“That man made the ball do some quite extraordinary things. He never went wrong. Never. I checked out his stats and realised it couldn’t just be chance. The search for Juninho’s secret had become an obsession with me. It was all about how he struck the ball, not where. Only three of his toes came into contact with the ball, not the whole foot.”
You’ll note that Italian midfielder Andrea Pirlo appears on my list of the game’s modern greats when it comes to free-kick taking. This will be of no surprise to anyone who has seen the sublime technical ability of one of Italy’s most decorated players. So it’ll no doubt come as a bit of a shock to discover that the above quote, which sings with a desire to emulate another has, in fact, been lifted from the New York City player’s most recent book.
Pirlo, we learn, studied Pernambucano’s unique and innovative style fastidiously, seeking ways to replicate the Brazilian’s methodology. Whether or not he managed to succeed in achieving the latter is up for debate, yet the former Juve man’s status as one of the best free-kick takers in the modern game is in no small part down to the influence of the man who visited Pirlo at Italy’s World Cup 2014 training base, and offered his admiring student an insight into the intricacies of the well-refined methodology.
So what was so singular about Juninho’s style that everyone wanted to imitate? A clue lies in an interview with French TV back in 2013: “When you watch the footage he doesn’t try to strike the ball as hard as possible. He strikes it with a very particular part of his foot,” notes one observer.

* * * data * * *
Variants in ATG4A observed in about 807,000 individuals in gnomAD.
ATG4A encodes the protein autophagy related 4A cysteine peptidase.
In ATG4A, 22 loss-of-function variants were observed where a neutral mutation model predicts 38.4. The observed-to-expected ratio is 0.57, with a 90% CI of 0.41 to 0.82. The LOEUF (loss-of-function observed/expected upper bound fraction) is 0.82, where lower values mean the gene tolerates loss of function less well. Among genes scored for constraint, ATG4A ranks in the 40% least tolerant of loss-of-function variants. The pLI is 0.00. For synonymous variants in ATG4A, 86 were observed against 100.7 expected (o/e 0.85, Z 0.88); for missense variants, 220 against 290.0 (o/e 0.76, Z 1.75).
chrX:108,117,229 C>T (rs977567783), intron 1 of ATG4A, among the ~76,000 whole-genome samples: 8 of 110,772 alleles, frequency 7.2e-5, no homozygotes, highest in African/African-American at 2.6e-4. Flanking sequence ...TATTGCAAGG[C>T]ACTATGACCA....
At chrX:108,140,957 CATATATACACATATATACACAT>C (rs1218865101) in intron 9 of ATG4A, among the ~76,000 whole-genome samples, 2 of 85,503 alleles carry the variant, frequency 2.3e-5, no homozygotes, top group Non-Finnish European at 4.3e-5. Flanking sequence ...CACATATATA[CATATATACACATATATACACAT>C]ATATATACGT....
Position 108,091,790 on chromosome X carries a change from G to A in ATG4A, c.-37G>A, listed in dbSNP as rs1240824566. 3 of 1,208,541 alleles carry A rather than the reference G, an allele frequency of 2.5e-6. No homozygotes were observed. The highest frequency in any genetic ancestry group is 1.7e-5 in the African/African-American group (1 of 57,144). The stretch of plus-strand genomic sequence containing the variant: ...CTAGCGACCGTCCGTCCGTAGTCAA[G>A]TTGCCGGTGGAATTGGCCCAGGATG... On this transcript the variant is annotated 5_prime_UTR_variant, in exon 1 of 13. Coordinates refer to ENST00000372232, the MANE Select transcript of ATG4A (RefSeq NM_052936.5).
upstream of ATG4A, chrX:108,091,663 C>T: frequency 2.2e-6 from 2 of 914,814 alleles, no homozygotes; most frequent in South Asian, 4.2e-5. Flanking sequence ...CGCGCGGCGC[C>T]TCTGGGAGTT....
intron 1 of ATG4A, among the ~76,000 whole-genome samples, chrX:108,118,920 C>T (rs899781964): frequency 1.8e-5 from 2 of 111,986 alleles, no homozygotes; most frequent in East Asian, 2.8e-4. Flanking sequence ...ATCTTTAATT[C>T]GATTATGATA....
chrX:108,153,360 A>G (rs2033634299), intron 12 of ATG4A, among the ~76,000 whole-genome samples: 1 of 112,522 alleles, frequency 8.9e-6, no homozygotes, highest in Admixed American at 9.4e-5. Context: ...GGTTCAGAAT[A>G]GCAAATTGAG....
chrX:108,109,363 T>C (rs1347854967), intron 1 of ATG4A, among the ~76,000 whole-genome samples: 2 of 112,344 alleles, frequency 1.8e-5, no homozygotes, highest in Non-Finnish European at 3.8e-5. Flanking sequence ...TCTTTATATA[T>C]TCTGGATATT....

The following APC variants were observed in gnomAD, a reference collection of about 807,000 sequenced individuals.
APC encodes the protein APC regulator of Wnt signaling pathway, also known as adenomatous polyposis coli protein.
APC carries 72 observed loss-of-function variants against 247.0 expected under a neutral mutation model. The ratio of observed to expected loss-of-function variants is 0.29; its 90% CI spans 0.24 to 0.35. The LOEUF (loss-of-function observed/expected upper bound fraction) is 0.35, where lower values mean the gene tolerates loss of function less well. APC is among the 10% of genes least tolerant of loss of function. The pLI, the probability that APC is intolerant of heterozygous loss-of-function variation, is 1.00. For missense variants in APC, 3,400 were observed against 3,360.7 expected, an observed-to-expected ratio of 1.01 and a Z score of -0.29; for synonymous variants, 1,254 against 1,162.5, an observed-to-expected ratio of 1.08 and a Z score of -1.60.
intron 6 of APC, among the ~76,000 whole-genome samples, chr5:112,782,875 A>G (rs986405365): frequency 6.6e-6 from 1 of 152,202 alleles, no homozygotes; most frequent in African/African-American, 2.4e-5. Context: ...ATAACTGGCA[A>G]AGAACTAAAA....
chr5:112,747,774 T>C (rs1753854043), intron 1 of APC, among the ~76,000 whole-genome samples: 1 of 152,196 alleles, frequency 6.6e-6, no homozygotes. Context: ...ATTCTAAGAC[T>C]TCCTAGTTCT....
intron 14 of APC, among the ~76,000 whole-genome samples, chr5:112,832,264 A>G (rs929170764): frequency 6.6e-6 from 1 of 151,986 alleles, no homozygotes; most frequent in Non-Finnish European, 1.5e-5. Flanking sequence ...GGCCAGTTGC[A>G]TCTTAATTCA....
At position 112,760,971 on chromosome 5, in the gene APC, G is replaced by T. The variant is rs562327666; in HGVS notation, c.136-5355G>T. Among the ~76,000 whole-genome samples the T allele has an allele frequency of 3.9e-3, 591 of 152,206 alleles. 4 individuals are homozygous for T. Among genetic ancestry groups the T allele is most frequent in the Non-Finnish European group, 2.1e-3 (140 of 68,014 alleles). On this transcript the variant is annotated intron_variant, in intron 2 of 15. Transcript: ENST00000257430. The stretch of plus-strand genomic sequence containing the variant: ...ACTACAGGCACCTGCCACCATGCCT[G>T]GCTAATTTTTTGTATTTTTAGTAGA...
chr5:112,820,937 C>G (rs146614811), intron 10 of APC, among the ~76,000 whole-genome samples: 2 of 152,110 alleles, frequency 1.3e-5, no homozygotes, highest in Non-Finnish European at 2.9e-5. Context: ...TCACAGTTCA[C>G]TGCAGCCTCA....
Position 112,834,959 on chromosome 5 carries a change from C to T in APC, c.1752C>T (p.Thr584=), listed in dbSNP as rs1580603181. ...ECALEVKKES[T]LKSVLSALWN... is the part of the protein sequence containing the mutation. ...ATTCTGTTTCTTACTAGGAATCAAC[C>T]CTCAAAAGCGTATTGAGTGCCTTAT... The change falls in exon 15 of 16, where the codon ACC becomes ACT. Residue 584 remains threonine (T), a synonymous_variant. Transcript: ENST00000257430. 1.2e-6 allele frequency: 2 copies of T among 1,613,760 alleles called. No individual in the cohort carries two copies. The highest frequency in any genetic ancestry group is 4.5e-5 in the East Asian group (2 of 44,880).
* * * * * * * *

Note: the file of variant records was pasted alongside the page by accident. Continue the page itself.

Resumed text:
It’s clear from the video that the connection, at its best, is made with the instep of the foot – a style now imitated by a whole host of the world football’s biggest names including Pirlo, Drogba and Ronaldo.
“He is able to consistently hit the ball hard, and with precision. He is the only one in the world who can do this. For me he is the best free-kick taker in the world,” said Juninho’s former manager at Lyon, Paul Le Guen.
During long practice sessions with then Lyon number one Rémy Vercoutre, Juninho would strike hundreds of free-kicks so as to perfect his methodology. At a time when match balls would change from competition to competition, Juninho asked his club to purchase all of the available options so that he could work on a way of perfecting his technique with each and every one. It’s another example of the player’s meticulous preparation, and an indicator as to why he, above all others, has led the way for many years.
From distance, the Brazilian would hit the ball harder, with more dip, and usually with a trajectory that would result in the ball bouncing just in front of the opposition keeper. Often, it was the abrupt change in direction; the sheer swerve on the ball that would bamboozle the goalkeeper. Remarkably, this made him as deadly from 40 yards as he was from just outside the area.